Perhaps the best compliment that one can offer in response to the exceedingly okay “The Baytown Outlaws” is that it’s the kind of ‘70s hicks-ploitation throwback that feels like it honestly might have come along even if Quentin Tarantino and Robert Rodriguez hadn’t kicked off a trend of chintzy, low-grade, ultra-violent knock-offs in the wake of their “Grindhouse” double feature.
The eponymous outlaws are the Oodie Brothers: leader Brick (Clayne Crawford), mute brute Lincoln (Daniel Cudmore) and smartaleck McQueen (Travis Fimmel). Orphaned at a young age, they unofficially attend to the small-town troubles of Sheriff Henry Millard (Andre Braugher), keeping the local crime rates low by making the occasional mess on his behalf. For Celeste (Eva Longoria), they’re just the kind of men that she could send after sleazeball ex-husband Carlos (Billy Bob Thornton) in order to retrieve her godson, Rob (Thomas Brodie-Sangster). For the Oodies, it’s oodles of money that they simply can’t bring themselves to refuse.
Naturally, this smash-and-grab operation of theirs isn’t quite as easy as it sounds, and before they know it, Carlos is sending an ethnically diverse sampling of gangs after them to take back the kid and leave these troublemakers for dead. The mayhem that follows is proudly violent -- alternating between digital squibs (boo!) and real fake blood (yay!) -- and practically deep-fried, passing off Louisiana for everywhere from Texas to Mississippi while generally exuding a spirit of the South throughout.
It’s not all “Freebird” and automatic weapons, though. One of our three leads is clad in a sleeveless T-shirt styled after the Confederate Flag, and yet all three are indebted to a black authority figure who cleans up their messes in exchange for them cleaning up his. Thornton hardly seems like much of a Carlos, mostly barking orders into a cell phone, but even he makes a point of divvying up his henchman duties between sultry women (including Zoë Bell and Agnes Bruckner), Native American bikers and an all-black gang, as if beholden to a scumbag equivalent of affirmative action.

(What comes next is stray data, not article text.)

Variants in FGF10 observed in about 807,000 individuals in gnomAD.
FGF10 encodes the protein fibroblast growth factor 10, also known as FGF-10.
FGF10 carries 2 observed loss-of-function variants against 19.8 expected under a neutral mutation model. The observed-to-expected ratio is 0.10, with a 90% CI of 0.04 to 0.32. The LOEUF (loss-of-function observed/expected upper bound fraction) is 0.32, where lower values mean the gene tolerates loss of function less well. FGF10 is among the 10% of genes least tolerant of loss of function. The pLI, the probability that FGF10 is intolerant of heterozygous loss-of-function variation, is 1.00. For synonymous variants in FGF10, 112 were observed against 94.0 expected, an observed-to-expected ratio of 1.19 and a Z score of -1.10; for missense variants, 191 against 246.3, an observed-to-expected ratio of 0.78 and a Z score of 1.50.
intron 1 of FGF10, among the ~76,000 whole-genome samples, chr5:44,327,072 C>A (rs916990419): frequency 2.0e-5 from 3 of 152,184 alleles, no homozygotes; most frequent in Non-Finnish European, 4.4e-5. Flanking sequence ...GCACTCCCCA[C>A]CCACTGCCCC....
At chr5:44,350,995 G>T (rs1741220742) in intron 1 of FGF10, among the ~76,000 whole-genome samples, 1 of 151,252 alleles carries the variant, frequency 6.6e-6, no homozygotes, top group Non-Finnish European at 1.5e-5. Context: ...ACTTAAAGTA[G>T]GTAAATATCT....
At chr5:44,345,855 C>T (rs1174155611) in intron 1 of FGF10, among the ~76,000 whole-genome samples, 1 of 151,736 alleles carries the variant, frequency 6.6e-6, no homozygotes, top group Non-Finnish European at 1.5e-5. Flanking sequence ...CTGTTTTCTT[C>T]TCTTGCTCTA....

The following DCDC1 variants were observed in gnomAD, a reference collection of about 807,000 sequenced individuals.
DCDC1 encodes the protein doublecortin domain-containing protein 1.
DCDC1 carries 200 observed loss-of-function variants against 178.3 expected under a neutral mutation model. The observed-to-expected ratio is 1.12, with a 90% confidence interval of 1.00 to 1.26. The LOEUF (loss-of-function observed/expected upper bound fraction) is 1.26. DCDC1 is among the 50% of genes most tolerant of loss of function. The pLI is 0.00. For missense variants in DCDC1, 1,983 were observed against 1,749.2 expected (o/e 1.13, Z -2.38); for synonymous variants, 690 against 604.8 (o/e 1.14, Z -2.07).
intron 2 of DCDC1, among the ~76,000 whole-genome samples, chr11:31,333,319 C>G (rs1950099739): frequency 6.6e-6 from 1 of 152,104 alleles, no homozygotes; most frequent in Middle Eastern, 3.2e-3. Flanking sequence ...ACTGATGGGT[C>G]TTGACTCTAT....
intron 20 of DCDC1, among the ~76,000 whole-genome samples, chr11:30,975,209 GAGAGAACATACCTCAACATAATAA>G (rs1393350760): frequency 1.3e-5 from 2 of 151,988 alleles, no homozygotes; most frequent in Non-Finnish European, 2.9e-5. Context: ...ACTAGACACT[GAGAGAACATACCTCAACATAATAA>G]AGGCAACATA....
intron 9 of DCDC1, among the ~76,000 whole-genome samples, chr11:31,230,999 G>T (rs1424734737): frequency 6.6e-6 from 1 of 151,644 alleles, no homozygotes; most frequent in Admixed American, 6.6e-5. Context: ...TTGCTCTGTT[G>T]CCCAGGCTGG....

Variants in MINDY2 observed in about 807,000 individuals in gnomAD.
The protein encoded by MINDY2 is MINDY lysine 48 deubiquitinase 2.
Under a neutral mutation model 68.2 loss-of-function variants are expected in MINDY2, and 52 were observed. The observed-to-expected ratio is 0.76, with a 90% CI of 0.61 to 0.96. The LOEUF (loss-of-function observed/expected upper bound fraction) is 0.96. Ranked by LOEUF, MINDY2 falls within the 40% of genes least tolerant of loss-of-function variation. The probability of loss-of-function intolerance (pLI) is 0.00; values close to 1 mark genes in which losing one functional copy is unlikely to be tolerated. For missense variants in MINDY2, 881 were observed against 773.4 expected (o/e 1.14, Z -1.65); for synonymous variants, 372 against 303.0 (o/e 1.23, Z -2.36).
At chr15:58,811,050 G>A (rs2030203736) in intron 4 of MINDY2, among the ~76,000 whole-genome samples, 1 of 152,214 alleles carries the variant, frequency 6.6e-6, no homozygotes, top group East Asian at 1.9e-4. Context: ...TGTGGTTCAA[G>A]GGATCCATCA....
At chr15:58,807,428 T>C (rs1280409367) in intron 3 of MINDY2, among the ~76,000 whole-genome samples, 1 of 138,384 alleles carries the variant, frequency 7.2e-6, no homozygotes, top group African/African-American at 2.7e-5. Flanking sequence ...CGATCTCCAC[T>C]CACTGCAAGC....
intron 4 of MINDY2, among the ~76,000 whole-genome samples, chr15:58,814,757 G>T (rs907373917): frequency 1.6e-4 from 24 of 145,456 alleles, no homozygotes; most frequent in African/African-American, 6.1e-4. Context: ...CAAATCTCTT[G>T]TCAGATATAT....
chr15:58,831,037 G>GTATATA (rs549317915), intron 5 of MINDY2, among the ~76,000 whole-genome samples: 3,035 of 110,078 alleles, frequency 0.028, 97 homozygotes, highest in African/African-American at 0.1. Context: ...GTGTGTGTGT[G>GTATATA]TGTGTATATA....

Maybe director Barry Battles and his co-writer, Griffin Hood, really had a larger cultural conversation in mind, but I have my doubts. They’re more mindful of a tedious subplot involving Braugher and a federal agent who’s come sniffing around in an effort to align his own surrogate family story with that of the Brothers as they hit the highway with a silent Rob in tow and begin to take a liking to him. The role’s a quiet, squirmy challenge for Brodie-Sangster, but he doesn’t favor handicapped caricature as one might fear. In comparison, everyone else -- Fimmel, Crawford, Cudmore, Longoria -- has it easy, done up with greasy hair, tattoos and gunshot wounds, asked to deliver much of their dialogue through gritted teeth.
Once the garish comic-book-style (and typo-marred) opening credits ease up, the action runs the gamut from barroom brawls and gunfights to a proper back-road car chase, and when the similar distractions of needless speed ramping and slow-motion fall away, the camerawork is up close and convincing, often jittery but never incoherent. Whenever “The Baytown Outlaws” shuts up and puts up, it makes a good case for its own existence, which is more than could be said for the like-minded “Bitch Slap” and “Hell Ride.” Its ultimate merits may be few, but if nothing else, it stands on its own sweaty terms.
“The Baytown Outlaws” is currently available On Demand and will open in select cities on January 11th.